WORD LISTS

This Week in Words: Current Events Vocabulary for December 31–January 6, 2023

January 2, 2023
Stories about brand new citizens, a see-through frog, and a coyote invasion all contributed words to this list of vocabulary from the week's news.
banish
A college in Michigan has published its annual list of words and phrases they believe should be eliminated from our vocabularies. The faculty at Lake Superior State University would like to banish overused or meaningless terms including "inflection point," "GOAT," "irregardless," and phrases like "it is what it is." Since 1976, the college has argued in favor of ousting hundreds of words from the English language. Banish shares a root with ban meaning "to prohibit."
cardiac
NFL player Damar Hamlin remained in critical condition after suffering cardiac arrest during a game on January 2. Hamlin, a safety for the Buffalo Bills, collapsed after receiving a hard blow to his chest as he tackled another player. He was unresponsive, with no pulse, and rescuers performed CPR and used a defibrillator to restart his heart. The Greek root of cardiac is kardia, "heart."
cashmere
Border clashes between China and India have led to an Indian withdrawal from Himalayan buffer zones, hampering the traditional cashmere industry there. Chinese military bases increasingly occupy space in fields where goats once grazed. Semi-nomadic herders, whose animals produce soft, warm Pashmina wool, have less and less room for their goats. The lightweight fiber has been produced in the Himalayas for centuries, in a region known as Kashmir, the source of cashmere.
citizen
Nearly one million people were sworn in as U.S. citizens in 2022, the highest number in almost 15 years. Because of the pandemic, hundreds of thousands of immigrants were unable to obtain citizenship in time to vote in the 2020 election. Many of those who officially became Americans last year say they were motivated by anti-immigrant rhetoric and a desire to participate in the political process. Citizen originally meant "inhabitant of a city," from a root that means "city."
deception
Despite revelations about his many deceptions, George Santos spent his first day on Capitol Hill on January 3. Santos, a Republican representative from New York, lied about his education, background, and work experience before and after being elected in November. He has falsely claimed to be Jewish, to have worked at Goldman Sachs, and to have founded a nonprofit animal rescue, among many other fabrications. Santos faces criminal investigations into ways he deceived voters and donors.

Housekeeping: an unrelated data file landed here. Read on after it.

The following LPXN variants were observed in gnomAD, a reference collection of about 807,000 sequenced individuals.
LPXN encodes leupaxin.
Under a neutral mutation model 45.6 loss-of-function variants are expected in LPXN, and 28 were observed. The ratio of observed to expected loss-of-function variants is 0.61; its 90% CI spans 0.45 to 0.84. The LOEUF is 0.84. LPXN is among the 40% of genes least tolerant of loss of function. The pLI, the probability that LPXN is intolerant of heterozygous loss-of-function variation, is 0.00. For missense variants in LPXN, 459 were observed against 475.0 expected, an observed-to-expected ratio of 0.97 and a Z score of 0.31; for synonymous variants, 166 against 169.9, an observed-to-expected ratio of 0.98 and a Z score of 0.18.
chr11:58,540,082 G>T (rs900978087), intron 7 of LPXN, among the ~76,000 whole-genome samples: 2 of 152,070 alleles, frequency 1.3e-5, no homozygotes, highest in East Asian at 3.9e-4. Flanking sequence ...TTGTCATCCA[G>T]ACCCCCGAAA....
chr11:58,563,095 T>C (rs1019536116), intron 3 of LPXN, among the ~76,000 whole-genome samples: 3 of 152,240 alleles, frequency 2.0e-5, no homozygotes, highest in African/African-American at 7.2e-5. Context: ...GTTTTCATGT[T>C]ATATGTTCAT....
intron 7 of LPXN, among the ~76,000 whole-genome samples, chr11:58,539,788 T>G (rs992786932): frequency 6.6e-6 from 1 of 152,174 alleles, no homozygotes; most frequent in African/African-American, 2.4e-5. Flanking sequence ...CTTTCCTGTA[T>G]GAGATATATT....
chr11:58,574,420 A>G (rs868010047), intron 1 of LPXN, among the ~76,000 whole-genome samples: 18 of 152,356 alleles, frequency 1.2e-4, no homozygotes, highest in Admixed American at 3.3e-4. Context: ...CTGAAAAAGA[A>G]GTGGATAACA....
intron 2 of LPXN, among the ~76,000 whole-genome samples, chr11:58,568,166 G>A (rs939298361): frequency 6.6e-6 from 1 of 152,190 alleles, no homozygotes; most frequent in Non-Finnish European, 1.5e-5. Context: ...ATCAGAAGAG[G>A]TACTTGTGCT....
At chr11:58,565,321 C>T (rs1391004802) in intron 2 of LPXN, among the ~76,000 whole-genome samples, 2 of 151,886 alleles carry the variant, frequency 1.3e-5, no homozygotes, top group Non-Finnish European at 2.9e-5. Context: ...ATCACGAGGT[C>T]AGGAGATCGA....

emeritus
This week, thousands of mourners paid their last respects to the pope emeritus, Benedict XVI, who died on December 31 at the age of 95. The former Roman Catholic pontiff served as pope from 2005 to 2013, when he stepped down due to health issues and was succeeded by Pope Francis. Benedict was the first pope in 600 years to retire and take an emeritus position. In Latin, emeritus means "veteran soldier who has served his time."
inaugurate
Brazil inaugurated its new president, Luiz Inácio Lula da Silva, on January 1. Hundreds of thousands of Brazilians turned up to show their support and celebrate the launching of Lula's presidency. In lieu of former leader Jair Bolsonaro bestowing a ceremonial sash on the incoming president, 33-year-old garbage collector Aline Sousa played the role, representing the Brazilian people. The Latin root of inaugurate literally means "take omens from the flights of birds."
influx
The small Massachusetts town of Nahant hired federal sharpshooters to help them deal with a recent influx of coyotes. It's the state's first municipality to seek help from the Department of Agriculture. The town is home to 3,000 people, and the arrival of about 1,000 coyotes has frightened many, although no humans have been harmed. Several small dogs have been attacked and killed, however, three while being walked on a leash. Wildlife experts will start targeting coyotes later this month.
precision
Scientists struggle to explain a phenomenon known as " precision waking," when people wake up immediately before their alarms go off. Researchers who specialize in sleep disagree over what might cause someone to awake at precisely 6:59, just in time to turn off a 7:00 alarm before it buzzes, but many people report similar experiences. Some experts say it's likely that anxiety about being late is responsible, pointing to the fact that the stress hormone cortisol is released before we wake.
strike
About a million U.K. workers are on strike, including nurses, railway employees, and ambulance crews. Public support for laborers as they negotiate for better wages remains high. The walkouts are the result of salaries being outpaced by high costs due to inflation; many nurses say they rely on food banks in order to feed themselves and their families. Strike's "work stoppage" meaning may stem from a nautical sense of striking, or pulling down, a boat's sails.
transparent
A transparent frog’s ability to hide its blood from predators could offer clues for preventing deadly blood clots in people. The glass frog is almost completely see-through, camouflaging itself in nature using its clear skin, muscles, and tissue. When it sleeps, the animal's red blood cells move into its liver, essentially hiding there — the fact that the blood doesn't coagulate and clot may help scientists develop methods to protect humans from dangerous clots forming in blood vessels.
wealth
In 2022, Elon Musk became the first person in history to lose $200 billion in wealth. Musk, who is CEO of Tesla, SpaceX, and Twitter, currently has a net worth of about $140 billion; in 2021, his riches were valued at $340 billion. Most of the loss is tied to a sharp drop in the value of Tesla stock. Wealth originally meant "happiness," as well as "possession of riches," from a Middle English root that means "well-being."

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